DAVE: Yeah, that was pretty cool.
HIROSHI: And it’s all come back here.
HERB: So, we’ve had, you know, I mean- There’s so many highlights in my mind over the last 26 years. If-So this- this version of what we’re doing right now is an opportunity for us to talk and present a message to the generations to come. What message would you like to send them in the future about connecting to places like this? And how that can help them in their journey to be the next generation of stewards of this- of this- of Hawaii? Whether you’re Hawaiian or not, you know, we have a kuleana, right? So what would be that message?
FLOYD: The message is an emotional tie to the setting. The setting itself speaks to the past, and it speaks to the future. And they gotta- We gotta train students to accept that and understand it, and preserve it.
HIROSHI: And if you know something that needs to be done,-
HIROSHI: -and if you don’t do it, don’t blame anybody else. *ALL agree* And you’re a good example of- You saw what needs to be done.
FLOYD: You’re the example…
HIROSHI: You did it.
HERB: Learn by doing. I heard you say that, too. Ma ka hana ka ʻike.
HIROSHI: Yeah, exactly.
HERB: Dave? Or Hal?
HAL: Oh, well, also, I’m thinking of the value of place names. And it’s a very neglected subject, but if you look in the historical resources, every place, even small, small places, small landmarks had a place name in ancient Hawaii. And many of these are recorded in the, you know, in the historical records and the Hawaiian newspapers. These are slowly coming out, but if you ask these young people “Look at where you live. Find out the place names. Find out what the place names mean. And then you will know what happened there.” That’s a start.
FLOYD: Don’t forget, also, we got climate change approaching. I mean, if things keep going the way they’re going, this is all going to be underwater in 100 years. And so, where is the best place to study it? Like, sea level rising? Right here. When you. build that new building, I’d like to put in a tide station up there. So we can start to monitor in the- here, and the quiet water, how the ocean is rising and how fast it’s rising. Environmental issues like plastics in the ocean? Here’s a place to study it. Here’s a place that’s quiet. I mean, it’s an ideal study location. And once we bring students in, they say “Oh my god, it’s really happening!” We got ’em. They’ll take care of things. That’s the significance here, too.
HIROSHI: And what you’re saying, Hal, about place, is so important. Where- And you do it in your- In the Voyaging classes that went around, looking at the [wahi pana?]. And one of the places, right down there, it’s, you know, it’s called Kaneohe Beach Park, but there’s a lot more significance than that, and this was brought out in the initial Voyaging class that you had.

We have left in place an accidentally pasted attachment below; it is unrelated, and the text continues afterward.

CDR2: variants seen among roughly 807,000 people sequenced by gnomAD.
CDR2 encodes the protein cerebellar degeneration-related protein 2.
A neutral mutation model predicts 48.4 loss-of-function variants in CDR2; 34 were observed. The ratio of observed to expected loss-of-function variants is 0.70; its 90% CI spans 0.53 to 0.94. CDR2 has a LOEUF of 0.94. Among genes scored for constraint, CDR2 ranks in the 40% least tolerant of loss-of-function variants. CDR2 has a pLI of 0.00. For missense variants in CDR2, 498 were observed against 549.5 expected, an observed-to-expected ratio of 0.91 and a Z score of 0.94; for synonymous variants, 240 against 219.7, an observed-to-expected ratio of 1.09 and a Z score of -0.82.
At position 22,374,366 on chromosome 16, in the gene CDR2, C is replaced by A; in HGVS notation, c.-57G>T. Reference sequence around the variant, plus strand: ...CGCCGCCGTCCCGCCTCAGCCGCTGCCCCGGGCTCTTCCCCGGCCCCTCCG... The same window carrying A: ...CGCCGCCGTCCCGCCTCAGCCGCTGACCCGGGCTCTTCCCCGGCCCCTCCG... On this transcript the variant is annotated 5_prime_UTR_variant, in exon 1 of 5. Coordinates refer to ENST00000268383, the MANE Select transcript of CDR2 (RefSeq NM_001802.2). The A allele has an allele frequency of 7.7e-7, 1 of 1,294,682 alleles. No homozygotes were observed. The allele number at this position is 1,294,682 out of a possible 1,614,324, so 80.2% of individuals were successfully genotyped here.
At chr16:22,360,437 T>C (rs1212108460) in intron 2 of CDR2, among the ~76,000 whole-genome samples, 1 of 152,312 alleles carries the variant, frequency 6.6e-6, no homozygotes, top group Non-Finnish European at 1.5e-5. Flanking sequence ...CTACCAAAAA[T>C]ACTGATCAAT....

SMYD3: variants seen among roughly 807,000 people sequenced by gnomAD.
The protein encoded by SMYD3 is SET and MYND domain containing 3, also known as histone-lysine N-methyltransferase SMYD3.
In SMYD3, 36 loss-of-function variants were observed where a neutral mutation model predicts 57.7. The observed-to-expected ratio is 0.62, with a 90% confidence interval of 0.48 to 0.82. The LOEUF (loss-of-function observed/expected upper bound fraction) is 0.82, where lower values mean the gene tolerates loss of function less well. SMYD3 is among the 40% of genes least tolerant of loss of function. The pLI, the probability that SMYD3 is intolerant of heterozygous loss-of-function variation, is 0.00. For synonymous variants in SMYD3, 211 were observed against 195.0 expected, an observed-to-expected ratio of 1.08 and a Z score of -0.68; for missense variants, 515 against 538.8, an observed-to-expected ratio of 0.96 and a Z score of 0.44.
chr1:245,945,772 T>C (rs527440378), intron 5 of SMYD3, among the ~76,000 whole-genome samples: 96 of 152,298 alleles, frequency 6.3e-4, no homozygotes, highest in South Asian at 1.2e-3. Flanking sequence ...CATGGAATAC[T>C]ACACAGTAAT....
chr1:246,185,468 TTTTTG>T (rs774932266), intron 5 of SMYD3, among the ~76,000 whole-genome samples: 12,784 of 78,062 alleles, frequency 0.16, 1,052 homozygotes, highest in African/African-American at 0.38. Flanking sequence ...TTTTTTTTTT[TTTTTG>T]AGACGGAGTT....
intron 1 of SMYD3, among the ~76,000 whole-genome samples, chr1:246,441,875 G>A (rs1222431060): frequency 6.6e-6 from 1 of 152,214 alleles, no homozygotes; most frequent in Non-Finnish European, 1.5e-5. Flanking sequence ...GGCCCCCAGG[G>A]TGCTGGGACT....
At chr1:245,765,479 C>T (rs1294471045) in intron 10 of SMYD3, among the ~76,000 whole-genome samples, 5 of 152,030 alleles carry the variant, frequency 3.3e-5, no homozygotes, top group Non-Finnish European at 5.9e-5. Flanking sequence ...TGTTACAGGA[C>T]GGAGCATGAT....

FLOYD: I know. We used to do kawa ceremonies down there, if you remember.
HIROSHI: Yeah, right, but it started with kawa ceremony, right there. You know, because of the historical significance of that place. And also, a sense of place is so important, especially in Hawaii, because with a sense of place, you’re connected. You go to the mainland, you meet somebody from Hawaii, “Where you from? Oh, Kaneohe? Yeah, what grad you?” You know, somehow, there’s a connection, and it comes back to where you’re from. And that’s very important. Yeah…
DAVE: So, yeah. We we’re talking about message and future and things like that, and, you know, it’s- I’ve already kind of said this, but, you know, one of the things that’s very important, for me, is how we managed to live on these islands. These, you know, these volcanic rocks that are so isolated from everywhere else, and how we’re so used to bringing everything in ourselves. But, you know, the Hawaiians didn’t do that. They had- They had to grow it all, and produce it all, and Hal had mentioned, you know, the loko iʻa on Molokai. And this is a symbol for sustainability, right? You know. And it was done in a way- It’s not like modern aquaculture. You go to Indonesia, where, you know, the idea is “We’re just going to try and grow as much as we can. And that means a bunch of nutrients into the water to get the highest productivity you can get. And then what do you do? You just discharge that water out into the ocean.” And the environmental impacts of that, you know, are- are- are not good, okay? Lots of problems are- But, you know, the way in which Hawaiian fishponds were- were used, did not, it wasn’t intensive aquaculture, right? You know, it was a far less impactful on the surrounding environment. And, you gotta keep in mind. Water comes into the pond from outside. If you’re putting nutrients in here, and everything else, that water also goes back out, right?